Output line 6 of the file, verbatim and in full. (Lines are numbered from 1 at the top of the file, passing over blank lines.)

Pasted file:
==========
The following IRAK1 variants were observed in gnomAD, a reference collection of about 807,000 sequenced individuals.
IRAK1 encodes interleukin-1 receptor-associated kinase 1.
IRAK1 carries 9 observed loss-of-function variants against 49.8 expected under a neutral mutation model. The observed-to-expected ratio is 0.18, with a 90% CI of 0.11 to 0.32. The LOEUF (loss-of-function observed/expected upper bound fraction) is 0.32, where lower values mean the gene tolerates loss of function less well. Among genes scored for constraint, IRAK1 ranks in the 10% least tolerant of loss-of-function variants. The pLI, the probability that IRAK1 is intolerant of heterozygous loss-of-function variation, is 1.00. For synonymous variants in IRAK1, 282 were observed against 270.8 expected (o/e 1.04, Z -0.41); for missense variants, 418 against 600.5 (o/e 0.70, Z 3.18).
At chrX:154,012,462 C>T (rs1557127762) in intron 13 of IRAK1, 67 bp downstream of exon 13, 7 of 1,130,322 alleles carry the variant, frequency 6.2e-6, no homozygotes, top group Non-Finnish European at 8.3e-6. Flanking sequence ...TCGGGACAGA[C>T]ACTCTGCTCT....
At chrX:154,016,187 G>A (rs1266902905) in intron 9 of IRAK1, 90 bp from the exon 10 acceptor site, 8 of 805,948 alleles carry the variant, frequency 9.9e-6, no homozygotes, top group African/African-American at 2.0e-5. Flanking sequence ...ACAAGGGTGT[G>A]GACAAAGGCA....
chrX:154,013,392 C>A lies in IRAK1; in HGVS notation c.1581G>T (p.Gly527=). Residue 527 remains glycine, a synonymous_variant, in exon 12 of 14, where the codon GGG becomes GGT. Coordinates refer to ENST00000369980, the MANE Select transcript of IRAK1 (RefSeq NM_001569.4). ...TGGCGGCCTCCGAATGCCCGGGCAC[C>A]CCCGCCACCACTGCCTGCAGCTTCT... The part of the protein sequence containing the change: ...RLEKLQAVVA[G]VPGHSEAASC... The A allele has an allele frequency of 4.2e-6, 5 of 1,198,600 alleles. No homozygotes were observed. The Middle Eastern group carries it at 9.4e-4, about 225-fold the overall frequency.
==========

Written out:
chrX:154,013,392 C>A lies in IRAK1; in HGVS notation c.1581G>T (p.Gly527=). Residue 527 remains glycine, a synonymous_variant, in exon 12 of 14, where the codon GGG becomes GGT. Coordinates refer to ENST00000369980, the MANE Select transcript of IRAK1 (RefSeq NM_001569.4). ...TGGCGGCCTCCGAATGCCCGGGCAC[C>A]CCCGCCACCACTGCCTGCAGCTTCT... The part of the protein sequence containing the change: ...RLEKLQAVVA[G]VPGHSEAASC... The A allele has an allele frequency of 4.2e-6, 5 of 1,198,600 alleles. No homozygotes were observed. The Middle Eastern group carries it at 9.4e-4, about 225-fold the overall frequency.